Formation dance

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Formation dance is a style of ballroom dancing. It is pattern or shadow team dancing by couples in a formation team. The choreography may be based on a particular dance or a medley of dances. Formation dancing may be done for exhibition or for competition between teams.[1]There is also a type of formation in Bhangra.

International Style Ballroom: Dance sport[edit]

Latin Formation Team TSC Blau-Silber Aachen


Formation dancing originated in 1932 in London's Astoria Ballroom. It was Olive Ripman who introduced it under the name "pattern dancing".[2] Soon it became a competitive dance form.[3]

Formation team contests began in the 1930s in England, and spread to many other countries. International matches have taken place. Formation dances were an important part of the BBC TV program Come Dancing when Frank and Peggy Spencer's formation teams competed against Constance Millington's team.[4][5] The peak of popularity was in the 1960s, and is now growing from strength to strength with formation teams from all over the world competing against each other.[6]


The choreography of a formation team includes both choreography of a dancesport routine of an individual couple and the overall pattern of movements of the couples on the floor. All couples are expected to follow the beat of the music and movements should be executed simultaneously. Teams are marked on their synchronicity

Latin Dancesport formation is a medley of dances that include the 5 International Latin dances: Cha Cha, Rumba, Jive, Paso Doble and Samba.

Standard or Ballroom formation is a medley of the 5 international ballroom dances Waltz, Quickstep, Tango, Viennese Waltz and Foxtrot.

The routines generally feature at least some free-form choreography in the walk on and walk off, which may include movements from jazz dance, ballet, or any other type of dance. This is clearly marked by a gong. A complete routine usually lasts a total of 6 minutes.

Formation routines allow dancers to show off their own technique in addition to their ability to move as a team. Unlike individual competitions tricks such as "round abouts", "chain reactions" form a large section of the choreography.

Shapes (also known as patterns or images) that are an accepted part of choreography are diamonds, squares, diagonals, circles and lines. The routine is judged by the distribution of competitors across the floor, how "readable" the patterns are and the transitions between these patterns.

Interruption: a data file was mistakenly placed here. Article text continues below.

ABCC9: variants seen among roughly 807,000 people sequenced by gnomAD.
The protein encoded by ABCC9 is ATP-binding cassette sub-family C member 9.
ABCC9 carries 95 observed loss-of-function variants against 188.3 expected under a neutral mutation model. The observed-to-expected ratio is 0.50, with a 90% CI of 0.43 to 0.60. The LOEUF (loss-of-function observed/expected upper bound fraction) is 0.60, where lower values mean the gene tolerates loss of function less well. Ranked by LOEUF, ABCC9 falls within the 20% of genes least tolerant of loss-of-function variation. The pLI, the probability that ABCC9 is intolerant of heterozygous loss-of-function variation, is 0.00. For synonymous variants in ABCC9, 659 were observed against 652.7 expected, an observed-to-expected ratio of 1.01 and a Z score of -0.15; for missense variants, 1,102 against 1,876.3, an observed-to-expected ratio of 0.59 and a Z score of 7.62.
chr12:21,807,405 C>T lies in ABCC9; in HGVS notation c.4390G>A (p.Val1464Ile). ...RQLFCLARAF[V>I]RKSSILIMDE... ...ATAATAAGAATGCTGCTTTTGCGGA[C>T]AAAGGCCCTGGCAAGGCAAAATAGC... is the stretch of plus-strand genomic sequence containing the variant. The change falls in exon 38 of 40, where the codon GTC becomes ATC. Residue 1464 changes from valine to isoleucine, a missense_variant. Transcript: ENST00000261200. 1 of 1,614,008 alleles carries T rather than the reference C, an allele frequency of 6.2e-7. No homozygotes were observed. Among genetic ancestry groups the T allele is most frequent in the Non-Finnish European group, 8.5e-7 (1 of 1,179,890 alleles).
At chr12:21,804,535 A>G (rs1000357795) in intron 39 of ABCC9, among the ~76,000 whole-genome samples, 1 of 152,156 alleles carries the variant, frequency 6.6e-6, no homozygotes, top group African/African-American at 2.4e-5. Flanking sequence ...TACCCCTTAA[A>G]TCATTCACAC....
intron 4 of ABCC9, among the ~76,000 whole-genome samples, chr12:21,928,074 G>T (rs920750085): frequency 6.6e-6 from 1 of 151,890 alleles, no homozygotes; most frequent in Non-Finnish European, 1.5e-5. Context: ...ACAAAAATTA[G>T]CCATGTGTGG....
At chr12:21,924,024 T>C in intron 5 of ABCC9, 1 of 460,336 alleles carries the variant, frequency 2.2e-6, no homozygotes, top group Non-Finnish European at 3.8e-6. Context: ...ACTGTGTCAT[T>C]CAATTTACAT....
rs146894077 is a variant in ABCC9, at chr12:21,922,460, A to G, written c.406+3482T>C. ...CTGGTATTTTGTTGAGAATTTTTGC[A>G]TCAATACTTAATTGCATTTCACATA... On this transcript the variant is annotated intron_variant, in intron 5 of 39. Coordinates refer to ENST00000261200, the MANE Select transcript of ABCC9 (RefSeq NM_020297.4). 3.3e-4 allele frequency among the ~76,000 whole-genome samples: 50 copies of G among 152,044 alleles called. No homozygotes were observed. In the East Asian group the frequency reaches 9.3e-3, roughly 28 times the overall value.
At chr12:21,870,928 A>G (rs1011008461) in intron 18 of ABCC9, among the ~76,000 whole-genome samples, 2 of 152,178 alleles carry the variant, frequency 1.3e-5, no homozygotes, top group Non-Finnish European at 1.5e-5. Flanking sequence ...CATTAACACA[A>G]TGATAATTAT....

Specialist formation choreographers include Ona Skaistutė Idzelevičienė,[7] Roberto Albanese,[8] Horst Beer,[9] David Mallabone and Rachael Holland.


The international governing body is the International DanceSport Federation (IDSF) (which has Olympic recognition[10]). Competing teams must be a member of one of its member organisations such as the English amateur dancesport association ltd (EADA)

The following is a summary of the IDSF rules for European and World Formation competitions.

  • Each member country may send 2 formation teams to compete in each of the 2 international styles (Latin and Standard).
  • These are selected by national competitions, such as the British National Championships at the Blackpool Dance Festival.
  • International competitions have a minimum of 4 countries
  • The usual sporting anti-doping rules apply.
  • All competitors must be amateurs.
  • Each team must contain between 6 and 8 couples.
  • In the standard section Men's dress must be black or midnight blue.
  • In Latin men may wear coloured shirts but all men must dress the same.
  • In standard formation, solo work is restricted to 8 bars. This does not apply in Latin where solo work usually plays a part.
  • Lifts are not allowed in the main "judged" part of the routine, but are usually allowed in the walk on and walk off, which is clearly marked by a gong.
  • A routine is a maximum of 6 minutes long including entry to and from the floor (a walk on and walk off). Only 4 and a half minutes of this is judged so a gong is used to clearly signify which sections are to be judged.
  • Competing teams are judged by those experienced in formation.

In early rounds, judges mark if they believe teams should go through to the next round. In final rounds teams are ranked and the skating system applies.